21 APR 19 12:26 ET
By Sugam Pokharel, Euan McKirdy and Tara John, CNN
(CNN) -- At least 207 people were killed and hundreds more wounded in a series of bomb blasts that hit luxury hotels and churches across Sri Lanka on Easter Sunday, leaving the entire country in a state of lock-down.
The first wave of attacks struck at the heart of the country's minority Christian community during busy Easter services at churches in the cities of Colombo, Negombo and Batticaloa on Sunday morning.
Additional blasts ripped through three high-end hotels, the Shangri La, Cinnamon Grand and Kingsbury, all in capital city Colombo.
The violence punctured a decade of relative peace in the country following the end of its civil war in 2009 -- where attacks were common during the 25-year struggle. Sri Lanka has since turned itself into a popular tourist destination, winning the title of best place in the world to visit in 2019 by travel guide publisher Lonely Planet.
"These are certainly acts of terror," the High Commissioner of Sri Lanka to the UK Manisha Gunasekera told CNN on Sunday, suggesting that suicide bombings had been "carried out."
"This is an attack against the whole of Sri Lanka because Sri Lanka is [a] multi-ethnic, multi-religious and multi-cultural country and the whole country comes together in celebration of Easter Sunday."
In a statement, the Shangri-La hotel in Colombo said that the hotel's Table One cafe was hit just after 9 a.m local time. The hotel is popular with foreign tourists and the country's business community.
On Sunday afternoon, the seventh and eighth blast occurred at a hotel in front of the Dehiwala Zoo in Dehiwala-Mount Lavinia and at a private house in Mahawila Gardens, in Dematagoda, during a raid in connection with the attacks, officials said.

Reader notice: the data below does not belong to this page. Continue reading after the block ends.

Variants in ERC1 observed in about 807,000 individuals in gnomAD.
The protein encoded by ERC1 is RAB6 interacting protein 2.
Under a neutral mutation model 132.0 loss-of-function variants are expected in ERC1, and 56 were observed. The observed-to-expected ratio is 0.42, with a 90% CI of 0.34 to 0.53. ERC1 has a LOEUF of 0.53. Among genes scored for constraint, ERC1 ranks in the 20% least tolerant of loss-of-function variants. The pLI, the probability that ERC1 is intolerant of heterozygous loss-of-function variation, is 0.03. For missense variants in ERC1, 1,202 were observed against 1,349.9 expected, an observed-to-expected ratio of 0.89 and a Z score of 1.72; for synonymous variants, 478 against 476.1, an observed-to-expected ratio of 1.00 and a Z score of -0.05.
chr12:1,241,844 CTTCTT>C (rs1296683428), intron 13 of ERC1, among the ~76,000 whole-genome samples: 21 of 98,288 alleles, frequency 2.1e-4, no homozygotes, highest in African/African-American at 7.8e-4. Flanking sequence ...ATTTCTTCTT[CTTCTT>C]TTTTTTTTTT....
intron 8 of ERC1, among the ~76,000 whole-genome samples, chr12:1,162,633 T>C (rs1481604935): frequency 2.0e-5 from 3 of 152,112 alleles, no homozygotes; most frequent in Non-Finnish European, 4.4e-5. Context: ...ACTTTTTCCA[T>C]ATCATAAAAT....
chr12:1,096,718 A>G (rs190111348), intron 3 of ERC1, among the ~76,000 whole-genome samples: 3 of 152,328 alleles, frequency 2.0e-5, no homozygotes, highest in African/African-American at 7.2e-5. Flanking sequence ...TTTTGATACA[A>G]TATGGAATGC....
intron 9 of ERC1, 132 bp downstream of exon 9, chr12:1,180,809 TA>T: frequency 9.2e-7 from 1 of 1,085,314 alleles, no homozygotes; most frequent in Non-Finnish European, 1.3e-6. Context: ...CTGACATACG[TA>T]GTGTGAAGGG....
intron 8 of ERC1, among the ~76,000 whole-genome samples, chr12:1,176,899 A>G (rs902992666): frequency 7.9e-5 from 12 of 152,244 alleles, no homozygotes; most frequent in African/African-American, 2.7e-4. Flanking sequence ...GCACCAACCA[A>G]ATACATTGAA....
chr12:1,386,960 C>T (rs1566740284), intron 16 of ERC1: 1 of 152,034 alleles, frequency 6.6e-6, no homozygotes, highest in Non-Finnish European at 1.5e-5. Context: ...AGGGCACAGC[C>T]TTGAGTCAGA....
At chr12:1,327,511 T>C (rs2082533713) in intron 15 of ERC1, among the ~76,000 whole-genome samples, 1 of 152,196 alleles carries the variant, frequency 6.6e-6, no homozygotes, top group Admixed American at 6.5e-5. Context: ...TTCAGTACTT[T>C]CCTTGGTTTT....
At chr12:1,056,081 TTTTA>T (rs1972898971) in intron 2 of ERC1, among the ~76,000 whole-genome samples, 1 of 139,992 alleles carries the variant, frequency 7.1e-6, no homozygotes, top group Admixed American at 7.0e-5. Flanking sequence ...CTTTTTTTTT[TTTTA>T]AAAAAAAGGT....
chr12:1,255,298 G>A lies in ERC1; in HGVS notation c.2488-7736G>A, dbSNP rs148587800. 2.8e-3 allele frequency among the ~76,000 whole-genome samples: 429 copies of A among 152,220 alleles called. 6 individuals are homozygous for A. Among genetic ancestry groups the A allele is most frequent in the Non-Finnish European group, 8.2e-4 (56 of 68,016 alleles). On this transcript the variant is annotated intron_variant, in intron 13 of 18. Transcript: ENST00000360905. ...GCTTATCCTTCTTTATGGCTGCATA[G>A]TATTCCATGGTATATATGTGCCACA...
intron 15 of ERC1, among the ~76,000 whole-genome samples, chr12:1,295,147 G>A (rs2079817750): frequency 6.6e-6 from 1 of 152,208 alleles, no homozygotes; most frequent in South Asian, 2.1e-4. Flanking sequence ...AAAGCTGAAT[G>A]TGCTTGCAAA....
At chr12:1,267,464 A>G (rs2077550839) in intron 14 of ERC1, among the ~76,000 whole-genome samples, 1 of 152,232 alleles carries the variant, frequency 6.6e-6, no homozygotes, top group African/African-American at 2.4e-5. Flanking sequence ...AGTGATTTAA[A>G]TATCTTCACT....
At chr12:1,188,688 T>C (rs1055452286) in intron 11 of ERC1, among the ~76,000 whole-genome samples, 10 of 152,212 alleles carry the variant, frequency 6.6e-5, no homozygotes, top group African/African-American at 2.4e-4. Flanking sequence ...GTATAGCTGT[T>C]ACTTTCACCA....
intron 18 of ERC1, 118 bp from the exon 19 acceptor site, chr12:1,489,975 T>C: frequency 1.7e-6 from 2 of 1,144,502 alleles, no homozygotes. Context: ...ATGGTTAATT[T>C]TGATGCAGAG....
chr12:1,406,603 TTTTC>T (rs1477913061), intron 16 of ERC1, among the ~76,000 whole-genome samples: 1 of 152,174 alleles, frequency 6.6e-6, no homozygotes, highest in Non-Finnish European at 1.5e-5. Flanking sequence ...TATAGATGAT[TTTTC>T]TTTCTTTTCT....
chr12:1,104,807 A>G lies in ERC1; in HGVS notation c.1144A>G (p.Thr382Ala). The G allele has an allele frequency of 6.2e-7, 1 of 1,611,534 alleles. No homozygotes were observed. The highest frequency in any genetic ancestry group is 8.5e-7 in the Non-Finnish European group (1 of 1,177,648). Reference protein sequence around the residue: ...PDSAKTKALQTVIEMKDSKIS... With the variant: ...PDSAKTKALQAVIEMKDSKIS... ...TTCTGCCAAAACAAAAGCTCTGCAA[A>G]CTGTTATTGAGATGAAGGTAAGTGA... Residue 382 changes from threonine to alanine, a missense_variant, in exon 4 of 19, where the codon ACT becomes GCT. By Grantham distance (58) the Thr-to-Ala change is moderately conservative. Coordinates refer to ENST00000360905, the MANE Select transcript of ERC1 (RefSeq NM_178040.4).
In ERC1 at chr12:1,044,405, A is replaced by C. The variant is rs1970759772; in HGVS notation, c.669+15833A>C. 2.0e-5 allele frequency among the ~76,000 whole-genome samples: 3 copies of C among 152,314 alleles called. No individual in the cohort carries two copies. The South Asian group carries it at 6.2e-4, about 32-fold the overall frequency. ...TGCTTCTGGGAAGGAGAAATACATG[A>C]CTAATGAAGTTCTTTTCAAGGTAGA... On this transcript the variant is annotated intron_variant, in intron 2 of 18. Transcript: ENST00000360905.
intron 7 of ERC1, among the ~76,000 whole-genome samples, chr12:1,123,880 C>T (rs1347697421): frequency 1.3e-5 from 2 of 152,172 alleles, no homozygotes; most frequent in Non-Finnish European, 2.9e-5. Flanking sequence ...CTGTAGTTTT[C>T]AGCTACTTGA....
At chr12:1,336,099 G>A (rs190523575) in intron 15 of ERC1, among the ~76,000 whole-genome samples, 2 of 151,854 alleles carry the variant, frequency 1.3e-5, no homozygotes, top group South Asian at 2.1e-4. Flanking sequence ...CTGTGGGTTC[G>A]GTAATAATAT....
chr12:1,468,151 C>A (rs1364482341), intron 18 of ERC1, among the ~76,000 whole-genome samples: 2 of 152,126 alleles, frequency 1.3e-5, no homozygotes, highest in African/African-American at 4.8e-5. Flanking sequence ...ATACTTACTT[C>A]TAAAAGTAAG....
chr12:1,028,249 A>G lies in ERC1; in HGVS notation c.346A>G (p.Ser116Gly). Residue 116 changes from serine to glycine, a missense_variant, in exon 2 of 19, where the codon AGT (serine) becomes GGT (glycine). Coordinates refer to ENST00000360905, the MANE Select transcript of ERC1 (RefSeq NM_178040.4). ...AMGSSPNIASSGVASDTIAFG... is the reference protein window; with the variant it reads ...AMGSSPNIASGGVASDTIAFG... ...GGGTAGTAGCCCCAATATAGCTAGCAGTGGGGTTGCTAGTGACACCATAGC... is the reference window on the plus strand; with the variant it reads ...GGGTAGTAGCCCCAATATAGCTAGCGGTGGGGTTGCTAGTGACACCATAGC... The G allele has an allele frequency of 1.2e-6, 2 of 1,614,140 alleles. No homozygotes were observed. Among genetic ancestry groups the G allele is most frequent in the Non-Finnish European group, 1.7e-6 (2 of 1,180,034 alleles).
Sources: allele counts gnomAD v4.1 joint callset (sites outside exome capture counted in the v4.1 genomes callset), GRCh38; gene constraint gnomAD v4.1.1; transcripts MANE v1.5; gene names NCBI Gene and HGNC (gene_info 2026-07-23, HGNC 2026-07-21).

Here's the full list of blast sites reported so far:
St. Anthony's Shrine, Colombo
St. Sebastian's Church, Negombo
Zion Church, Batticaloa
Cinnamon Grand, Colombo
Shangri-La Hotel, Colombo
The Kingsbury Hotel, Colombo
Near Dehiwala Zoo in Dehiwala-Mount Lavinia
A house in Mahawila Gardens, Dematagoda
Sri Lanka's Minister of Economic Reforms and Public Distribution Harsha de Silva said on Twitter that "close to 30 foreigners" were killed on Sunday. In the capital, Colombo, at least 20 foreigners were among the dead, according to hospital Director General Anil Jasinghe. Hospitals have opened their doors to scores of victims.
Three Indians, two Turkish nationals, and two Chinese citizens were identified as deceased among the hundreds who died, according to Sri Lanka's Foreign Ministry in a statement seen by CNN.
Five British citizens, including two dual US-UK nationals, were also killed in the bombings, the statement said.
The UK Foreign Office has not yet confirmed the deaths, but British High Commissioner to Sri Lanka, James Dauris, said some British citizens were also "caught in the blast."
Seven people are under arrest following the attacks, De Silva wrote after an emergency meeting with defense officials.
There was however no immediate claim of responsibility. Sri Lankan security officials said police and security services immediately rushed to all affected areas and sealed off the churches and hotels.
Social media sites, including Facebook and Instagram, were blocked by the government while investigations were taking place.
The explosions blew out the tiled roofs of churches and hotel windows, killing Sunday worshipers and hotel guests in the process. Images and footage seen by CNN showed bloodied pews, broken glass, and plumes of smoke.